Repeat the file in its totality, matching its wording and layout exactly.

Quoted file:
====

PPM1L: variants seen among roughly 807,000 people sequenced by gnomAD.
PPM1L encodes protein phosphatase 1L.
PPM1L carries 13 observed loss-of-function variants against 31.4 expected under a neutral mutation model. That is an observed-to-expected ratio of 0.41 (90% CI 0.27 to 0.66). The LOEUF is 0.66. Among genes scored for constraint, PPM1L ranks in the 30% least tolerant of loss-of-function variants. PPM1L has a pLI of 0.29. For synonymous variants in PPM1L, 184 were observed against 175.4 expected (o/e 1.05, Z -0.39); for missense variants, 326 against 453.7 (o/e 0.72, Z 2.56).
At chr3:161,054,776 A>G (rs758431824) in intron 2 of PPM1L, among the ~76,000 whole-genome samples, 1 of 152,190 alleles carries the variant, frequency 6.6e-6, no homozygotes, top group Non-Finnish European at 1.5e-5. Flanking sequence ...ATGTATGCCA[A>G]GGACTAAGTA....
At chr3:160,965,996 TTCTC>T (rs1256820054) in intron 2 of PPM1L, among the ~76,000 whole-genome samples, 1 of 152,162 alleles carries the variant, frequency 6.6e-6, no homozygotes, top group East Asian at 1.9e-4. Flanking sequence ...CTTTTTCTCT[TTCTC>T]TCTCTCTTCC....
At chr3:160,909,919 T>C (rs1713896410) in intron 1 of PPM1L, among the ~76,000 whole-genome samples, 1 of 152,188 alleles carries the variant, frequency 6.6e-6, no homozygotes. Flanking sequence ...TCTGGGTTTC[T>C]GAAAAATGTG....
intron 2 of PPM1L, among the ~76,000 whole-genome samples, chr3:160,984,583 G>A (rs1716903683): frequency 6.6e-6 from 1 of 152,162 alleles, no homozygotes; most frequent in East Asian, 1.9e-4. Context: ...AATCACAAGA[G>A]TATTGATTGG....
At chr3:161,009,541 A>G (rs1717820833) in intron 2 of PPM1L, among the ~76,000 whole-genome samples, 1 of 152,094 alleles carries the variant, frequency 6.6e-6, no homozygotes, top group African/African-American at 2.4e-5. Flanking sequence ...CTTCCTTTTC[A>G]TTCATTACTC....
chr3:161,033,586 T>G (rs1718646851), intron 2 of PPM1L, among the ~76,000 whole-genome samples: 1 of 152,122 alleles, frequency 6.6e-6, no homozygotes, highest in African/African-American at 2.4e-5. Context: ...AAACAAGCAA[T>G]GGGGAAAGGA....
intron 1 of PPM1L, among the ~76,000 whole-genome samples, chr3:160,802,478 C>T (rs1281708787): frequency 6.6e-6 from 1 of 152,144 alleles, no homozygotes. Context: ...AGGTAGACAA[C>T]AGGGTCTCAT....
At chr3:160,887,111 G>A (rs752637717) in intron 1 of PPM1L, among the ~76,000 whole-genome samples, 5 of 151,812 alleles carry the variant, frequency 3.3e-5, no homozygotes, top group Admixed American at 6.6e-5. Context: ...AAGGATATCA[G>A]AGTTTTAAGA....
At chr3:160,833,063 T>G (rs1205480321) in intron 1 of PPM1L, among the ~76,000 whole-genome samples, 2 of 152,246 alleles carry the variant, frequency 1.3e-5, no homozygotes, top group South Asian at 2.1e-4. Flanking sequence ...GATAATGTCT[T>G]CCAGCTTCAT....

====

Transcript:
PPM1L: variants seen among roughly 807,000 people sequenced by gnomAD.
PPM1L encodes protein phosphatase 1L.
PPM1L carries 13 observed loss-of-function variants against 31.4 expected under a neutral mutation model. That is an observed-to-expected ratio of 0.41 (90% CI 0.27 to 0.66). The LOEUF is 0.66. Among genes scored for constraint, PPM1L ranks in the 30% least tolerant of loss-of-function variants. PPM1L has a pLI of 0.29. For synonymous variants in PPM1L, 184 were observed against 175.4 expected (o/e 1.05, Z -0.39); for missense variants, 326 against 453.7 (o/e 0.72, Z 2.56).
At chr3:161,054,776 A>G (rs758431824) in intron 2 of PPM1L, among the ~76,000 whole-genome samples, 1 of 152,190 alleles carries the variant, frequency 6.6e-6, no homozygotes, top group Non-Finnish European at 1.5e-5. Flanking sequence ...ATGTATGCCA[A>G]GGACTAAGTA....
At chr3:160,965,996 TTCTC>T (rs1256820054) in intron 2 of PPM1L, among the ~76,000 whole-genome samples, 1 of 152,162 alleles carries the variant, frequency 6.6e-6, no homozygotes, top group East Asian at 1.9e-4. Flanking sequence ...CTTTTTCTCT[TTCTC>T]TCTCTCTTCC....
At chr3:160,909,919 T>C (rs1713896410) in intron 1 of PPM1L, among the ~76,000 whole-genome samples, 1 of 152,188 alleles carries the variant, frequency 6.6e-6, no homozygotes. Flanking sequence ...TCTGGGTTTC[T>C]GAAAAATGTG....
intron 2 of PPM1L, among the ~76,000 whole-genome samples, chr3:160,984,583 G>A (rs1716903683): frequency 6.6e-6 from 1 of 152,162 alleles, no homozygotes; most frequent in East Asian, 1.9e-4. Context: ...AATCACAAGA[G>A]TATTGATTGG....
At chr3:161,009,541 A>G (rs1717820833) in intron 2 of PPM1L, among the ~76,000 whole-genome samples, 1 of 152,094 alleles carries the variant, frequency 6.6e-6, no homozygotes, top group African/African-American at 2.4e-5. Flanking sequence ...CTTCCTTTTC[A>G]TTCATTACTC....
chr3:161,033,586 T>G (rs1718646851), intron 2 of PPM1L, among the ~76,000 whole-genome samples: 1 of 152,122 alleles, frequency 6.6e-6, no homozygotes, highest in African/African-American at 2.4e-5. Context: ...AAACAAGCAA[T>G]GGGGAAAGGA....
intron 1 of PPM1L, among the ~76,000 whole-genome samples, chr3:160,802,478 C>T (rs1281708787): frequency 6.6e-6 from 1 of 152,144 alleles, no homozygotes. Context: ...AGGTAGACAA[C>T]AGGGTCTCAT....
At chr3:160,887,111 G>A (rs752637717) in intron 1 of PPM1L, among the ~76,000 whole-genome samples, 5 of 151,812 alleles carry the variant, frequency 3.3e-5, no homozygotes, top group Admixed American at 6.6e-5. Context: ...AAGGATATCA[G>A]AGTTTTAAGA....
At chr3:160,833,063 T>G (rs1205480321) in intron 1 of PPM1L, among the ~76,000 whole-genome samples, 2 of 152,246 alleles carry the variant, frequency 1.3e-5, no homozygotes, top group South Asian at 2.1e-4. Flanking sequence ...GATAATGTCT[T>G]CCAGCTTCAT....